To be fair, DuPont has been focusing on the construction of its own $200 million, 30 million-gallon-per-year cellulosic ethanol facility, which will be the world's largest when it begins operations later this year. It will also give the company roughly 36% of the domestic industry's production capacity by volume. The technologies are new and expensive now, but costs will come down as processes and enzymes are improved.


Source: DuPont.

So why might DuPont be behind? Each of the company's three major competitors focused on securing partnerships with leading producers early on -- even though their respective technologies weren't economically viable -- to gain early access to networks and new projects. DuPont, on the other hand, decided to pursue the opposite strategy: Build a facility and prove the technology first before approaching partners. That could have the company playing catch-up in the young but quickly moving cellulosic ethanol industry.

For instance, Novozymes has partnered with world-leading engineering firm Chemtex, which wields the coveted PROESA biomass pretreatment technology, and will supply cellulase enzymes to a 20 million-gallon-per-year facility under construction in North Carolina. The industrial enzyme manufacturer has also gained access to additional partners (Beta Renewables), projects (a 25 million-gallon-per-year facility with Canergy in California), and markets (GraalBio in Brazil) by corralling Chemtex.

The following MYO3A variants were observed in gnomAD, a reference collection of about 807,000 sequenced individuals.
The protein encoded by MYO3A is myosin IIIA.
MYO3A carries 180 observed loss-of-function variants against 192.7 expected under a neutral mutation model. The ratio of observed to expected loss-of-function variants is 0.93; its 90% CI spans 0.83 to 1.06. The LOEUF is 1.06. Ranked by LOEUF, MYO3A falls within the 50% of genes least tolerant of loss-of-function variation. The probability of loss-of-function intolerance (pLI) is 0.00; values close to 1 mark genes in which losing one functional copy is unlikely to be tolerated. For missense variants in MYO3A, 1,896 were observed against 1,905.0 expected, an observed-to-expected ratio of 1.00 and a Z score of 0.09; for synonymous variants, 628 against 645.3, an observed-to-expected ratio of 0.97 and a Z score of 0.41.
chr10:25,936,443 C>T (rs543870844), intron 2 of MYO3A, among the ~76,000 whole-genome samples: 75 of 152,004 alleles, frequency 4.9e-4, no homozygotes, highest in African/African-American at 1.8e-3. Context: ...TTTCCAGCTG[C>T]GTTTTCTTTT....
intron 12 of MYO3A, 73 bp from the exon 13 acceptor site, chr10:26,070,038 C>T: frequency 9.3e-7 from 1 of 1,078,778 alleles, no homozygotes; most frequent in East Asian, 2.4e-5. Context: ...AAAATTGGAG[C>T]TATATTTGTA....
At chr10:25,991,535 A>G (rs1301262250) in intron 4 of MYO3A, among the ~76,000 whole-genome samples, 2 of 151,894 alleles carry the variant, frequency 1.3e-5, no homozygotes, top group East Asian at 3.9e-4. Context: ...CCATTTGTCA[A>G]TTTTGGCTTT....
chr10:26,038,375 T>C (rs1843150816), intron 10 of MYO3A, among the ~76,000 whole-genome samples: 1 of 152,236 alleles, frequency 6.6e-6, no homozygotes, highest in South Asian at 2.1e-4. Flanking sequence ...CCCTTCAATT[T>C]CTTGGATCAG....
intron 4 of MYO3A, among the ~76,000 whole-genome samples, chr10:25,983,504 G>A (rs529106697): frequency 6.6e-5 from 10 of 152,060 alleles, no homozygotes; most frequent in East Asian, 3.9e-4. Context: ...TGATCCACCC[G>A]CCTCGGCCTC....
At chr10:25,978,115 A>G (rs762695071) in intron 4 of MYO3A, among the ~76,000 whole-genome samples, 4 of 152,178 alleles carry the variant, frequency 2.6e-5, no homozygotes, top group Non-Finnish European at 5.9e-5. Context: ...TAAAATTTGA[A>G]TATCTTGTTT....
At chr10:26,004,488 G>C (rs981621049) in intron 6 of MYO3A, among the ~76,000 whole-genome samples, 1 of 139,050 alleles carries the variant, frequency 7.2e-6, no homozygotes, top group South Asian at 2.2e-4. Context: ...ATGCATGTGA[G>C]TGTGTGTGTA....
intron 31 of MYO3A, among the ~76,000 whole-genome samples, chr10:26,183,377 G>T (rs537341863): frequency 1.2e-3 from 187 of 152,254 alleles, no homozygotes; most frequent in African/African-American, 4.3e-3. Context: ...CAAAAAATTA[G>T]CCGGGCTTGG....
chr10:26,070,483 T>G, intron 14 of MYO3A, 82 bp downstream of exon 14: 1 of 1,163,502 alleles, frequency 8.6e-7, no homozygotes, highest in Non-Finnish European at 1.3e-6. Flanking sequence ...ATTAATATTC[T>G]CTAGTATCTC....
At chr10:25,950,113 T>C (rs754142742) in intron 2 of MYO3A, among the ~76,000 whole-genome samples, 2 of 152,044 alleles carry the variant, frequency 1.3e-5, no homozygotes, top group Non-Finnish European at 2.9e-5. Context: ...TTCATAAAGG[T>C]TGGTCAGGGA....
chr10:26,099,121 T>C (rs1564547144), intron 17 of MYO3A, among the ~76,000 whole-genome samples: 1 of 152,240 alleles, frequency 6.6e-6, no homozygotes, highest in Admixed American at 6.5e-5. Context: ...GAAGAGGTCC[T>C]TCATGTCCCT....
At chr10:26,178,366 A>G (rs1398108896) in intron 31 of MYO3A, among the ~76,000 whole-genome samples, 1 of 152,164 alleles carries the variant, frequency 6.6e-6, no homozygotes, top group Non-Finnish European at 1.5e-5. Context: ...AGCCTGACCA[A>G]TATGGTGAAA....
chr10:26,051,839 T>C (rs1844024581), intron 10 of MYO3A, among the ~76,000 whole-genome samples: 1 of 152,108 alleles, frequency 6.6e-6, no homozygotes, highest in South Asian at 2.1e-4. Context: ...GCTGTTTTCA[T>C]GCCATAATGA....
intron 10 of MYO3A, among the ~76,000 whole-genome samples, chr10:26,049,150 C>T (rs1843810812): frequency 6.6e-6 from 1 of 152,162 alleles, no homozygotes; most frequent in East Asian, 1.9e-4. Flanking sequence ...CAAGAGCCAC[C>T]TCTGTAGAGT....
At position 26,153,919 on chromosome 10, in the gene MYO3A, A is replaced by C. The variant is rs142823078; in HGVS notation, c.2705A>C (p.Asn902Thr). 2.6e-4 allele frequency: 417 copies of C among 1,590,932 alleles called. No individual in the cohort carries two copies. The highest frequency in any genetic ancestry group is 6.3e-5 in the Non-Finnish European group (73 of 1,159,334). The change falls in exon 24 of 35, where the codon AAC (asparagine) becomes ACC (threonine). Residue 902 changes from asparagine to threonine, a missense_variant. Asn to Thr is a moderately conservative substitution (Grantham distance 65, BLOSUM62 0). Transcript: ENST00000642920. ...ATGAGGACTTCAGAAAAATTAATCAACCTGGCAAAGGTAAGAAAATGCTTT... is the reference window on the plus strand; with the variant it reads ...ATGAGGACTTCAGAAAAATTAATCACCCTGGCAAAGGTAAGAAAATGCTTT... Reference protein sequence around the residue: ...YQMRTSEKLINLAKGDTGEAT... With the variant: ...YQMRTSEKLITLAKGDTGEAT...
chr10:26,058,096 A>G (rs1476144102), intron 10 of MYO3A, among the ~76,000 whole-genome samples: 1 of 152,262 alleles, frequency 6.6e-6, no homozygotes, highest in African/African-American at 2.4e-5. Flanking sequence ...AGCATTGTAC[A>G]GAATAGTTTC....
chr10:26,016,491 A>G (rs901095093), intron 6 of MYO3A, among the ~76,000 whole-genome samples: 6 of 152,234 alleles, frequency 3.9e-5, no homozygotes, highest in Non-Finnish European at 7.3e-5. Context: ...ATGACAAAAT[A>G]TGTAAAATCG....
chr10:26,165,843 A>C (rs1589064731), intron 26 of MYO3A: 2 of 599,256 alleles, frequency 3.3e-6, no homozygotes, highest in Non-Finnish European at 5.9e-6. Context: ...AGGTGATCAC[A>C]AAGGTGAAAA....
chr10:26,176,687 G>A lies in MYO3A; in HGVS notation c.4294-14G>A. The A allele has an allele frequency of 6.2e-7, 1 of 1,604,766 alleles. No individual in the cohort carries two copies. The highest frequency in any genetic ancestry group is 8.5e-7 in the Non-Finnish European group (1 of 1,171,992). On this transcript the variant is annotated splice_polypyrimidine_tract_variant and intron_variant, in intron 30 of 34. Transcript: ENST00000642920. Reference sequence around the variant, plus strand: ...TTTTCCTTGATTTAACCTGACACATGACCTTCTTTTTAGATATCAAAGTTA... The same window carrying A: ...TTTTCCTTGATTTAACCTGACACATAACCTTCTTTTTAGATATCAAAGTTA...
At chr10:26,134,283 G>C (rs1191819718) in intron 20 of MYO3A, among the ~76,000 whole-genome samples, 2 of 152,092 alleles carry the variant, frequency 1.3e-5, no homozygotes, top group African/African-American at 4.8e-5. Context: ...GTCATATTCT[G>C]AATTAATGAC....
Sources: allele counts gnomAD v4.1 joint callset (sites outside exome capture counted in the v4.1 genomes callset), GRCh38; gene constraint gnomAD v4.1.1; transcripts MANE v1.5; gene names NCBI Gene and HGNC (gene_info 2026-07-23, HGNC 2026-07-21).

The same is true for Dyadic International and DSM. Dyadic has bagged world-leading energy partners such as Abengoa and began supplying enzymes to a newly started 25 million-gallon-per-year facility in Kansas, which could open the door for supply deals at current or future Abengoa sites worldwide. Meanwhile, DSM has formed a valuable partnership with POET, America's largest ethanol producer, and will soon begin operations at the joint venture's first facility, Project LIBERTY. The company's industrial biosciences division has its hands in many other projects, too, including the GraalBio project in Brazil -- working side by side with Novozymes, Beta Renewables, and Chemtex.

There are a handful of top ethanol producers in the United States that have yet to formally choose a cellulosic ethanol partner, but DuPont's status as an industry leader may be based on volume alone. 

3. Biobased chemical market development

Cellulosic ethanol is only the beginning of a much larger and more profitable opportunity for industrial enzyme manufacturers, who can use the same cellulase enzymes to unlock cellulosic biomass for biobased chemical platforms. There's a relatively small market for ultra-high-value products such as flavors, fragrances, and cosmetics; a very large market for moderately priced products such as oils, lubricants, and materials; and an enormous market for low-priced cellulosic fuels.